Use of complementary and alternative methods is significantly reducing antibiotic use and vet costs on UK and Irish farms
A survey of over 220 livestock farms (80% commercial) in the UK and Ireland has reported up to 69% reduction in antibiotic use, up to 70% reduction in vet costs, significant reduction in disease frequency and severity, and 84% overall improvement in livestock health through the use of Complementary and Alternative Methods (CAMs). 24% of farmers report they have achieved and are maintaining zero antibiotic usage.
The survey was conducted by Whole Health Agriculture (WHAg), a not-for-profit organisation dedicated to programmes which develop and promote a whole health approach to farming and food. It was carried out between May 2020 and January 2021 through a questionnaire designed to capture quantitative data and the authentic ‘Voice of the Farmer.’
WHAg’s Head of Livestock Health Programmes, Chris Aukland, MRCVS, says “We now know that a CAMs approach can work really well; the famers’ experiences cannot be ignored. Given the current global environmental challenges, wholistic methodologies and practices are where the future lies for the sake of our collective health.”
Award winning organic poultry farmer Pammy Riggs stresses “It is worth looking at all alternatives to antibiotic use as we are fast heading towards the nightmare scenario of antibiotic resistance in human disease treatment. This is too important to ignore.”
Main CAMs used by farmers
- 88% of farmers surveyed use homeopathy
- 68% use herbs and medicinal plants (including herbal leys)
- 63% are using essential/plant oils
67% of dairy farmers say their herds have lower disease frequency and reduced disease severity. As well as achieving significant reductions in antibiotic use, 69%, dairy farmers report significant improvement in the general health and wellbeing of their livestock, 90%. This has major potential for an industry increasingly moving towards ‘Produced Without Antibiotics’ and deserves to be treated seriously.
Dairy farmer Chris Gosling, who has successfully used alternative methods for years with significant reduction in antibiotic use, expressed frustration that previous researchers have ignored what she has been doing: “I was invited to take part in a mastitis study, but they wanted to discount my use of Homeopathy and Obsalim, so I declined.”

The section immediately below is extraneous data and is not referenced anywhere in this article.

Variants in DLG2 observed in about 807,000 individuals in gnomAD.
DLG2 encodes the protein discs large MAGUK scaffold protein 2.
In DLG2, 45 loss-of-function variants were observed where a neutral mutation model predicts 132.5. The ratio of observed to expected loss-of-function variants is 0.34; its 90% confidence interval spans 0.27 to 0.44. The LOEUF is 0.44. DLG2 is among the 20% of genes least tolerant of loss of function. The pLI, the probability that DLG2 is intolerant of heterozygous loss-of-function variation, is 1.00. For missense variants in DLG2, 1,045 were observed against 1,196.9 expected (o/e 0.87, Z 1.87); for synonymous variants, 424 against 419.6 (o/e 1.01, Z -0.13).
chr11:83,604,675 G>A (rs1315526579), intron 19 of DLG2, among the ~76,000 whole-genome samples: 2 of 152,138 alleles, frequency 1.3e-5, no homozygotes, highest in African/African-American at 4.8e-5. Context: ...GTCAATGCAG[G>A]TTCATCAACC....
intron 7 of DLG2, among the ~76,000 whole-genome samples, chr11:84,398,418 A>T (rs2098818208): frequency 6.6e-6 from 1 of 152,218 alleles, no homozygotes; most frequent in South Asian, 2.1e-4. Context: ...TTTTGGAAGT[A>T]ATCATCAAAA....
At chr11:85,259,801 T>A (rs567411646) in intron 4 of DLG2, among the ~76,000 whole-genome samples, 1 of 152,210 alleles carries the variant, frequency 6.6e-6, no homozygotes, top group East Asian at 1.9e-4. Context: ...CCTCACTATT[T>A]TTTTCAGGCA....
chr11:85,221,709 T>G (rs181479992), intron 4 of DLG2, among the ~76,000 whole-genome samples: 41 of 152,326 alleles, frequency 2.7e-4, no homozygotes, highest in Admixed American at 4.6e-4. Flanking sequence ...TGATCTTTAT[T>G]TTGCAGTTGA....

Figures on antibiotic and anthelmintic use in the UK
- £290 million is spent annually on veterinary medicines for livestock (National Office of Animal Health)
- £116 million of this (40%) is spent on wormers alone
- 30% of all antibiotics used in the UK are for farm animals. (The Veterinary Medicines Directorate)
This survey highlights the value of alternative approaches, and the voices of these experienced farmers should not be ignored.
The full survey report, including a comprehensive literature review is available here.
The video below is footage of WHAg’s presentation at the Oxford Real Farming Conference 2022, showcasing the results and detailing CAM approaches…
Lawrence Woodward writes of himself “I began my farming life in the early 1970s following the oil crises of those years. “How do we feed ourselves when the oil and other resources run out?” weighed heavily on me. For me the answer was organic farming. In 1976, I began to convert a family owned mixed, dairy to an organic system. The challenges involved in this led to my co-founding and then directing for 30 years the Organic Research Centre. Here, we developed an innovative research and policy programme; the Organic Advisory Service and farmer-based initiatives including the Organic Milk Suppliers Co-op and Organic Arable. My hands-on farming in those early years was milking our commercial Jersey herd. I became fascinated with the process of practical health management – not just looking for alternatives to antibiotics – but how all aspects of the farm and its management create health or dis-ease. Some things can be managed but there also has to be a mindset change in all those working on the farm. This is the focus of Whole Health Agriculture. I firmly believe the health of soil, plant, animal and man is one and indivisible and it can be a practical reality on all farms.”
Whole Health Agriculture is a not-for-profit company limited by guarantee developing, promoting and educating farmers, health professionals and citizens in whole health approaches to food and farming. It was established in 2018 and has just launched a new Learning Centre for progressive farm education.
For further details contact:
- Lawrence Woodward, WHAg Chairperson: firstname.lastname@example.org
- Karen Seyersted, WHAg board member/ survey coordinator: email@example.com